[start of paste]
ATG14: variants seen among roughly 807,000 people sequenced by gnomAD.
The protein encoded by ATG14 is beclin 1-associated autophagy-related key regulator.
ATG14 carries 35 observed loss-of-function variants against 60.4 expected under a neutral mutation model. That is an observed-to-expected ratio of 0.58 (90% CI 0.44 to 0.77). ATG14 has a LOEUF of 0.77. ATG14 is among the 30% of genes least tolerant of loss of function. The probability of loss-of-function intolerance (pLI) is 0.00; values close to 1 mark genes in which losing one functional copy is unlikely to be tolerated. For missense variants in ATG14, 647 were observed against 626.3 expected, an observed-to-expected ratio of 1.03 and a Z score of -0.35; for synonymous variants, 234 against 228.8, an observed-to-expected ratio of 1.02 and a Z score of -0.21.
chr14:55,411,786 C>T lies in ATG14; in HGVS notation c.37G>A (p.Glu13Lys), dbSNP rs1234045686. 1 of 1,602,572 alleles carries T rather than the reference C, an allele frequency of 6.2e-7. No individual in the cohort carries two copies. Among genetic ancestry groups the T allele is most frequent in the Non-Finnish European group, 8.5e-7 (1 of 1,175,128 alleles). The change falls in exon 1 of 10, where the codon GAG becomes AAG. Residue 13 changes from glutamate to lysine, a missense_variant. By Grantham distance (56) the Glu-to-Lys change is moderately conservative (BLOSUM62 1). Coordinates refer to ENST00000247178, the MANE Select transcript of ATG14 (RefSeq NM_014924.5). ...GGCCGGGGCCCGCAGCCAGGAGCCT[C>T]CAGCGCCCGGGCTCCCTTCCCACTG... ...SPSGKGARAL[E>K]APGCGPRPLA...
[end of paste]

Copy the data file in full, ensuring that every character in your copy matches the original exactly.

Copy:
ATG14: variants seen among roughly 807,000 people sequenced by gnomAD.
The protein encoded by ATG14 is beclin 1-associated autophagy-related key regulator.
ATG14 carries 35 observed loss-of-function variants against 60.4 expected under a neutral mutation model. That is an observed-to-expected ratio of 0.58 (90% CI 0.44 to 0.77). ATG14 has a LOEUF of 0.77. ATG14 is among the 30% of genes least tolerant of loss of function. The probability of loss-of-function intolerance (pLI) is 0.00; values close to 1 mark genes in which losing one functional copy is unlikely to be tolerated. For missense variants in ATG14, 647 were observed against 626.3 expected, an observed-to-expected ratio of 1.03 and a Z score of -0.35; for synonymous variants, 234 against 228.8, an observed-to-expected ratio of 1.02 and a Z score of -0.21.
chr14:55,411,786 C>T lies in ATG14; in HGVS notation c.37G>A (p.Glu13Lys), dbSNP rs1234045686. 1 of 1,602,572 alleles carries T rather than the reference C, an allele frequency of 6.2e-7. No individual in the cohort carries two copies. Among genetic ancestry groups the T allele is most frequent in the Non-Finnish European group, 8.5e-7 (1 of 1,175,128 alleles). The change falls in exon 1 of 10, where the codon GAG becomes AAG. Residue 13 changes from glutamate to lysine, a missense_variant. By Grantham distance (56) the Glu-to-Lys change is moderately conservative (BLOSUM62 1). Coordinates refer to ENST00000247178, the MANE Select transcript of ATG14 (RefSeq NM_014924.5). ...GGCCGGGGCCCGCAGCCAGGAGCCT[C>T]CAGCGCCCGGGCTCCCTTCCCACTG... ...SPSGKGARAL[E>K]APGCGPRPLA...